How to print with nGen

To get the best possible quality out of any 3D printing material it’s important to match the slicer settings with the material which is used. On this page we’ll run through the most important settings and suggest good starting values for various printers. If your machine isn’t in our list use the general recommended settings.

In the table below you can quickly find values for your machine, scroll a bit further down to read more about each settings.

Print Settings

Ultimaker 2

(Cura)

Ultimaker Original

(Cura)

MP Pharaoh ED

(Simplify3D)

Lulzbot Mini

(Cura)

Stacker

(Simplify3D)

print temperature 220C/240C 220C/240C 220C/240C 220C/240C 230C/250C
build platform temperature 75C/85C 75C/85C 75C/85C 75C/85C 75C/85C
print speed 40/60 mm/s 40/60 mm/s 50/70 mm/s 40/60 mm/s 40/60 mm/s
cooling 50% 50% 50% 50% 50%
retraction – speed 45 mm/s 45 mm/s 45 mm/s 10/25 mm/s 60 mm/s
retraction – length 4.5 mm 4.5 mm 3.2 mm 1.0/2.0 mm 3.7 mm
bridge – speed n.a. n.a. 50/80% n.a. 50%
bridge – cooling n.a. n.a. 100% n.a. 100%
bridge – flow n.a. n.a. 110% /120% n.a. 110% /120%

Heated platform

nGen is best printed on a heated build platform. You want to be near the heat resistance temperature of 85C. Therefor most 3D printers will do fine with 75C/85C platform temperature.

If your machine doesn’t feature a heated platform, then you can look into using accessories such as BuildTak, 3Deeze and 3DLac. For small to medium sized parts the accessories can work, but for large parts covering the entire build platform it most likely will show warping on the bottom of the print.

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Printing temperature

The temperature we set when starting a print really depends on the chosen layerheight and print speed.

Flow of material in mm3/s = (layerheight*nozzle width)*print speed

When considering normal settings such as 0.2mm layerheight and 50 mm/s speed we recommend for most machines a processing temperature of 220C / 240C.

When settings are much different then a regular setup, for instance 0.05mm and 50 mm/s print speed the set temperature could be adjusted. In this case it’s likely that you won’t need as high temperature as in Case 1, because the mm/3 s is 4x less.

Cooling

nGen is a highly efficient material, with elevated glass temperature of 85C but a processing temperature of 220C/240C meaning less heat to dissipate to cool down below glass temperature. It performs great on overhangs, as long as they are still attached to the main model.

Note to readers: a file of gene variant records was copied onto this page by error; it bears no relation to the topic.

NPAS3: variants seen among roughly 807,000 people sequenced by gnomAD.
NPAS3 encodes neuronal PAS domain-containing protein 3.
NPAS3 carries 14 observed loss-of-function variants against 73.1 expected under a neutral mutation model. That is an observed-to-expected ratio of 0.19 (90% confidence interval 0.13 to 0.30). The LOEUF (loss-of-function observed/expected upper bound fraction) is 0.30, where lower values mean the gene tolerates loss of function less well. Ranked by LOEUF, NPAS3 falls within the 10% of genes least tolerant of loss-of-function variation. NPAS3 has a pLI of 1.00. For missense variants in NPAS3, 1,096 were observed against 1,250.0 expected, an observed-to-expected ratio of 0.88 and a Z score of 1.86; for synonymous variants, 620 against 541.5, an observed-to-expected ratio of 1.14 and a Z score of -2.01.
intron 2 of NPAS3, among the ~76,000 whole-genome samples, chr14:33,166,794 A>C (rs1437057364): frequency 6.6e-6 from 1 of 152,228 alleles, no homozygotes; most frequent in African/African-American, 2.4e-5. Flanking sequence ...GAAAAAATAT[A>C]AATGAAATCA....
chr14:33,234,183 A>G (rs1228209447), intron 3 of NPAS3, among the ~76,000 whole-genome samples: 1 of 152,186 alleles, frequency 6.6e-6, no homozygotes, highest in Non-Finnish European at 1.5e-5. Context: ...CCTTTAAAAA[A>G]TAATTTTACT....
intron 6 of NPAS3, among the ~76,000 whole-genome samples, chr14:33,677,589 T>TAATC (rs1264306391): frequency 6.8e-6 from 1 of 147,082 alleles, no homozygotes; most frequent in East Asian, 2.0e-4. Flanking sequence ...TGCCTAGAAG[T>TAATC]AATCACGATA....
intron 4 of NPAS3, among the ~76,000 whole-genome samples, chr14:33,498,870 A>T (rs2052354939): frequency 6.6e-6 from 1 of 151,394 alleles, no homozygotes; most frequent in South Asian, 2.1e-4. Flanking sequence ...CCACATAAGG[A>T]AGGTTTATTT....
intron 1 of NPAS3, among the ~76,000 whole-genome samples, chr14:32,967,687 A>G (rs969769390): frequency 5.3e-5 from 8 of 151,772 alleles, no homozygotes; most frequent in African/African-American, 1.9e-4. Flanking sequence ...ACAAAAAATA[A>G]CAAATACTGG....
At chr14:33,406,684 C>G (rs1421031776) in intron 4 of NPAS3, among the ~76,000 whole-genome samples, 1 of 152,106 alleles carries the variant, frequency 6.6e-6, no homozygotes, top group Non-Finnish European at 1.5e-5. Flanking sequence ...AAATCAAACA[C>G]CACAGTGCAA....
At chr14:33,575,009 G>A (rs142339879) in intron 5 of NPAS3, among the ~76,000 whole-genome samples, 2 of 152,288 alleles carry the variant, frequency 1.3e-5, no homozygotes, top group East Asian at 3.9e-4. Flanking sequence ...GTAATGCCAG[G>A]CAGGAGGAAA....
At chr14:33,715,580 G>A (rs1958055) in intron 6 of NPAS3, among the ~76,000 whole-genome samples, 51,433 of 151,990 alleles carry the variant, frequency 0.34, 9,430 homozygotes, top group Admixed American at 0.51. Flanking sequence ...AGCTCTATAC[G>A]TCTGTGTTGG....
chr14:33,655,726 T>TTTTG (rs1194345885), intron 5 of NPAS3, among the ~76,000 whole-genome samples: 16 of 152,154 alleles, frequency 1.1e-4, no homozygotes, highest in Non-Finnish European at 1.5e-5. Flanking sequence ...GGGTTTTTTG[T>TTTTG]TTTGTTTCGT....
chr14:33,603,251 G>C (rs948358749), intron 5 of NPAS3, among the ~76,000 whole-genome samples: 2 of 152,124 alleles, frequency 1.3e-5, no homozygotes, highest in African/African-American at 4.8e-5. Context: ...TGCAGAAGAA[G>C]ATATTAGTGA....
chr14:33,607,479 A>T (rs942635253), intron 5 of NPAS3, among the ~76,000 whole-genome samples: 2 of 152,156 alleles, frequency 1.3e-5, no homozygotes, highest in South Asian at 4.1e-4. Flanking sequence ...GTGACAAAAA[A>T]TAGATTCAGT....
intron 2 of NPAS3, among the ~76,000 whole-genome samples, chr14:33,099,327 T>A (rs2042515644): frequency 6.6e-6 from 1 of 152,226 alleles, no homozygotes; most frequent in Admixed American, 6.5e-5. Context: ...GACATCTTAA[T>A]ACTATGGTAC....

If you’re used to setting a 100% fan speed all the time, you might want to experiment with less cooling if you notice layer adhesion or part strength could be better. If a layer cools down too much it will adhere less to the next layer.

We also like the option of only activating layer cooling for the perimeter lines, the infill is not cooled and therefore should maintain best possible layer adhesion.

Bridging

Most slicers will allow users to set special settings when a bridge is printed in a model. Usually we can set bridging speed, bridging cooling and sometimes also bridging perimeter width (or flow).

We recommend slower printing on bridges, since there’s no material to support the printed line we don’t want to ‘break the melt’ by moving too fast. Slowing down the speed when bridging helps retain the melt strength and also allows the printed line to cool down in mid-air.

Cooling can be set at 100% to help the cool down of the first printed lines.

If you can still see the melt break when printing a bridge, try and increase the flow or bridge perimeter width.

Retraction

Before you start tweaking the retraction values make sure you’ve found the sweet spot in terms of printing temperature and speed for your machine.

PLA retraction values should be a good starting value for most machines. One can expect slightly higher values of retraction speed and retraction length.

Coasting is a nice option included in Simplify. This is the act of stopping the extrusion just before a travel move is triggered, this helps get rid of the pressure in the hot-end and therefor also making a retraction move more effective.

We also like the option of only activating layer cooling for the perimeter lines, the infill is not cooled and therefore should maintain best possible layer adhesion.

Minimal layer time

If you’re familiar with the minimal layer time setting then you’ll know this is what causes a printer to slow down when printing fine features on a model. Slowing down the print allows each layer to cool down a minimum amount of time. This is of course different for each material, because it depends on how fast a material can dissipate heat and  how much heat needs to be dissipated.

For nGen we reckon you should be able to lower this value compared to your standard PLA value. How much exactly is hard to tell as it depends on the printers cooling efficiency.

Mass Portal Pharaoh ED

Lulzbot Mini

Ultimaker 2

Stacker

#3DPRINTING

@COLORFABB

#NGEN

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